Time for Tea as it used to be!
The Willow Tea Rooms Building is recognised internationally as the only surviving tea room designed in its entirety by Charles Rennie Mackintosh. Mackintosh had total control over both the architecture and decorative elements, down to the design of the cutlery and the waitress’s uniforms.
The major restoration project, led by the Willow Tea Rooms Trust (WTRT), will conserve and interpret the building’s unique heritage. With an expected 150,000 visitors each year, a new interactive visitor centre will be included celebrating the achivevements of the tea rooms owner, Miss Cranston, as an early female entrepreneur, as well as the works of Mackintosh. An education and learning suite, conference facilities and shop will also be added to ensure that the project is sustainable for future generations.
Celia Sinclair, Founder and Chair of the Willow Tea Room Trust said: “Thanks to National Lottery players the important cultural and rich heritage of the Willow Tea Rooms Building will be conserved and opened up for many more people to enjoy.”
“The Tea Rooms Building will become a focal point for cultural tourism in the city”Celia Sinclair, Founder and Chair of the Willow Tea Room Trust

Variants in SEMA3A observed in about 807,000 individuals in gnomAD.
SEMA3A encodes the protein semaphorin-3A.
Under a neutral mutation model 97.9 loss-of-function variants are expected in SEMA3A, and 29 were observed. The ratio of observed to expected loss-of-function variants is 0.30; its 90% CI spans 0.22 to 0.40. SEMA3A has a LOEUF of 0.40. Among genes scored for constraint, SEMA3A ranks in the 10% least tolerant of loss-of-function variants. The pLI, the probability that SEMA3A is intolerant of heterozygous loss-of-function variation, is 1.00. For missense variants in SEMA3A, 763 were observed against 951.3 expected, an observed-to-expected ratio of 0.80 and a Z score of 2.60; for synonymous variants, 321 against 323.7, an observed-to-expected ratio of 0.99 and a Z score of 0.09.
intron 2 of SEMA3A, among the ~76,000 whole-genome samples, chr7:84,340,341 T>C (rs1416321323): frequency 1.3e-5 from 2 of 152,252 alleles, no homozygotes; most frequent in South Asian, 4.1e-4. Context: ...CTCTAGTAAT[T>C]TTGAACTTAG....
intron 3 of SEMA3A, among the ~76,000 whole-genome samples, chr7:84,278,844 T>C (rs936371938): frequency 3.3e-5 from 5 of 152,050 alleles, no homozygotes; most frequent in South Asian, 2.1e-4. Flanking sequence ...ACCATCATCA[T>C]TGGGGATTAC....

Visit Glasgow to see Mackintosh
“The tea rooms building will become a focal point for cultural tourism in the city, attracting both domestic and international visitors. Just as many people intrinsically link Barcelona with Gaudi, Frank Lloyd Wright with Chicago, we want them to visit Glasgow to see Mackintosh. The building will give countless visitors the opportunity to learn more about Mackintosh as well as enjoy a cup of tea in the unique surroundings of a Mackintosh building.”
Lucy Casot, Head of the Heritage Lottery Fund in Scotland, said: “What better way to celebrate Scotland’s Year of History Heritage & Archaeology than to support the revival of these famous tea rooms. Thanks to players of the National Lottery, we are delighted that works by one of Scotland’s greatest and most influential designers will be restored so that they can be enjoyed by all as they were first intended.”